Even North Korea has been .0015% more reasonable of late, and the bright lights of media exposure can claim at least a bit of credit (a persistently starving population gets a lot more, of course).
So, Myanmar, as repressive a tyranny as can be found (sorry guys, we’re not going to forget about you just because you changed your name; a Burma by any other name…) is once again experiencing civil unrest, and due to the pervasiveness of both MSM and alternative media, this time they can’t hide it or minimize it or freely crush it.
The photo that accompanied the NYTimes story is ample evidence of this, in and of itself.
By SETH MYDANS
BANGKOK, Monday, Sept. 24 — The largest street protests in two decades against Myanmar’s military rulers gained momentum Sunday as thousands of onlookers cheered huge columns of Buddhist monks and shouted support for the detained pro-democracy leader Daw Aung San Suu Kyi.
Winding for a sixth day through rainy streets, the protest swelled to 10,000 monks in the main city of Yangon, formerly Rangoon, according to witnesses and other accounts relayed from the closed country, including some clandestinely shot videos.
It came one day after a group of several hundred monks paid respects to Mrs. Aung San Suu Kyi at the gate of her home, the first time she has been seen in public in more than four years.
And here’s the nub of the argument:
Myanmar’s military government has sealed off the country to foreign journalists but information about the protests has been increasingly flowing out through wire service reports, exile groups in Thailand with contacts inside Myanmar, and through the photographs, videos and audio files, carried rapidly by technologies, including the Internet, that the government has failed to squelch.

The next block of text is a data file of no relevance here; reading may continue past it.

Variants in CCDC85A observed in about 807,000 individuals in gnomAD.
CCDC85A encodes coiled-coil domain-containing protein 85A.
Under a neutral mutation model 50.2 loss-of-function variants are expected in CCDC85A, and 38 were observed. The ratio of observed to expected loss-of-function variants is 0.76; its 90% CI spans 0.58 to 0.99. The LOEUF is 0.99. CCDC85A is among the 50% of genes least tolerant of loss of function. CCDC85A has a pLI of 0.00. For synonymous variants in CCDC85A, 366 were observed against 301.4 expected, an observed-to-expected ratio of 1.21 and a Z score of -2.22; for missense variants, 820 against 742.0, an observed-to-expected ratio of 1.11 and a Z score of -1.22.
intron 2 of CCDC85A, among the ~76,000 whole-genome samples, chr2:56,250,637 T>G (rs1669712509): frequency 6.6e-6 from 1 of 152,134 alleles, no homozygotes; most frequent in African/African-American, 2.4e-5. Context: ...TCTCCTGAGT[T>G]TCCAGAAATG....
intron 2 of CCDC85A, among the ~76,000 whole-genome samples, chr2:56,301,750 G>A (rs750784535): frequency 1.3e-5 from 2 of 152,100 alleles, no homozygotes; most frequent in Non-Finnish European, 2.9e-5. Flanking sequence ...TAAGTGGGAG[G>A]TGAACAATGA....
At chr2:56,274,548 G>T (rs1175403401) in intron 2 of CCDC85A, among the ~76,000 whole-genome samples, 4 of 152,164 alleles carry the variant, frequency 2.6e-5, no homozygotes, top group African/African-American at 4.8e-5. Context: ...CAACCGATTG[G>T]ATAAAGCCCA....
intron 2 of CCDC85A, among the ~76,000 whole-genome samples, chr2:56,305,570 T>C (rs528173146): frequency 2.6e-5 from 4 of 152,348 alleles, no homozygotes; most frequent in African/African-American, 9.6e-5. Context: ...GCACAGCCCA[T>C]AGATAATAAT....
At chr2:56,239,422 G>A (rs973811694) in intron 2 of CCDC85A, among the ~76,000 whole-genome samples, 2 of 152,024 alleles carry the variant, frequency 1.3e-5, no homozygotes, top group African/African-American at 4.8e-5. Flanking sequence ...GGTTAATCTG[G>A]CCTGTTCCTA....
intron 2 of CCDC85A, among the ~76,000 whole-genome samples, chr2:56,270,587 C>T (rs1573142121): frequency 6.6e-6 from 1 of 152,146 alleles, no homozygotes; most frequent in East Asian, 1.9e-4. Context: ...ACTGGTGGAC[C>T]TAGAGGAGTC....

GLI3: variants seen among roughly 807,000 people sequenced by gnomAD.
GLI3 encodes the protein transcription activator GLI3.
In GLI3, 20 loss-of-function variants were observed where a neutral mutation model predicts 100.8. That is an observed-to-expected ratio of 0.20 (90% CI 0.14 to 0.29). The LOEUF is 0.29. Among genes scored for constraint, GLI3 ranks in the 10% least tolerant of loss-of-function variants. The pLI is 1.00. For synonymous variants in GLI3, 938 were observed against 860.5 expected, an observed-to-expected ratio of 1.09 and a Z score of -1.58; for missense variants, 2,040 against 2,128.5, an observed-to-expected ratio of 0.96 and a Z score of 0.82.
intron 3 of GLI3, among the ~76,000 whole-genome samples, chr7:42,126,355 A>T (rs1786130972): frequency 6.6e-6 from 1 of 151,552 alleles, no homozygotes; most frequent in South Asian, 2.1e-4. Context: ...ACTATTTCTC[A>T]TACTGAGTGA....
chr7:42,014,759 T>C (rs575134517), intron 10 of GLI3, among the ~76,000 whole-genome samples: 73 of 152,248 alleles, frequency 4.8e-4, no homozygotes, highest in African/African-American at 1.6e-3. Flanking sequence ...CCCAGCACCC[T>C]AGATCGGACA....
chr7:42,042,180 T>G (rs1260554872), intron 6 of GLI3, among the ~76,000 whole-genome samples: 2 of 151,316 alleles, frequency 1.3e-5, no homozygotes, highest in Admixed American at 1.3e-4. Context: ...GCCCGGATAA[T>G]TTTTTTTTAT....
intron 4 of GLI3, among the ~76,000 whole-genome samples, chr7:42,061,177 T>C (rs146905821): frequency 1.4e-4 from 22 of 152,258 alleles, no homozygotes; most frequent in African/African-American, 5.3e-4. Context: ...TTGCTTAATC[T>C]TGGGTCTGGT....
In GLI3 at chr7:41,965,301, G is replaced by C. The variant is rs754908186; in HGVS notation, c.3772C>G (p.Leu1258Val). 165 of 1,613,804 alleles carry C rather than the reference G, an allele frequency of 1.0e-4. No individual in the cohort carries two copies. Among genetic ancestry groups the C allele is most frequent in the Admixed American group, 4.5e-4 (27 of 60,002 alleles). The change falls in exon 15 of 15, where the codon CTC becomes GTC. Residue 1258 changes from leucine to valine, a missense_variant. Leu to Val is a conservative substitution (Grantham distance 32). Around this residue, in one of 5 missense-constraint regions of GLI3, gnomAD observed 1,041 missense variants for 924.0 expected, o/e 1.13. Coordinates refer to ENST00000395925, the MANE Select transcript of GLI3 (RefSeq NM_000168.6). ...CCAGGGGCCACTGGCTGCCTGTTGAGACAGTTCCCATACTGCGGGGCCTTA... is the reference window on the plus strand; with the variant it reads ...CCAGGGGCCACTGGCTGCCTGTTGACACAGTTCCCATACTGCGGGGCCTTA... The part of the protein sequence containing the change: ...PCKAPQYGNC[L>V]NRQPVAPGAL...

“… photographs, videos and audio files, carried rapidly by technologies, including the Internet…”
[Per L-HC’s reformed process, please click the link below for the complete article — but then please come on back!]
There’s that pesky Internet again, screwing up the generals’ private party.
Our best, maybe only, hope for an end to tyranny:
- the retro Myanmar variety (and our Chinese, North Korean (and Cuban) friends would fit in this bucket);
- the more au courant Middle Eastern style as found in places like Syria and Iran;
- and even such New Age (and retro) tyrannies as practiced by Putin and his ex(?)-KGB brethren throughout Russia and its former empire;
… is the pervasiveness of information, as exemplified by the liberator of Eastern Europe, CNN, and maybe the liberator of the rest of the shackled world, the Internet.
And, let’s give credit: perhaps the (admittedly looking more spurious) Congressional revolution of 2006 wouldn’t have happened at all without the blogosphere.
Not the infinitesimal nanocorner of the ‘Sphere© that we ruefully acknowledge as this weblog’s permanent fate, but certainly the heavy hitters like Daily Kos that help keep the kettle aboil, always a good state for the democratic process.
Small “d” democracy at work around the globe, powered by electrons.
It’s it for now. Thanks,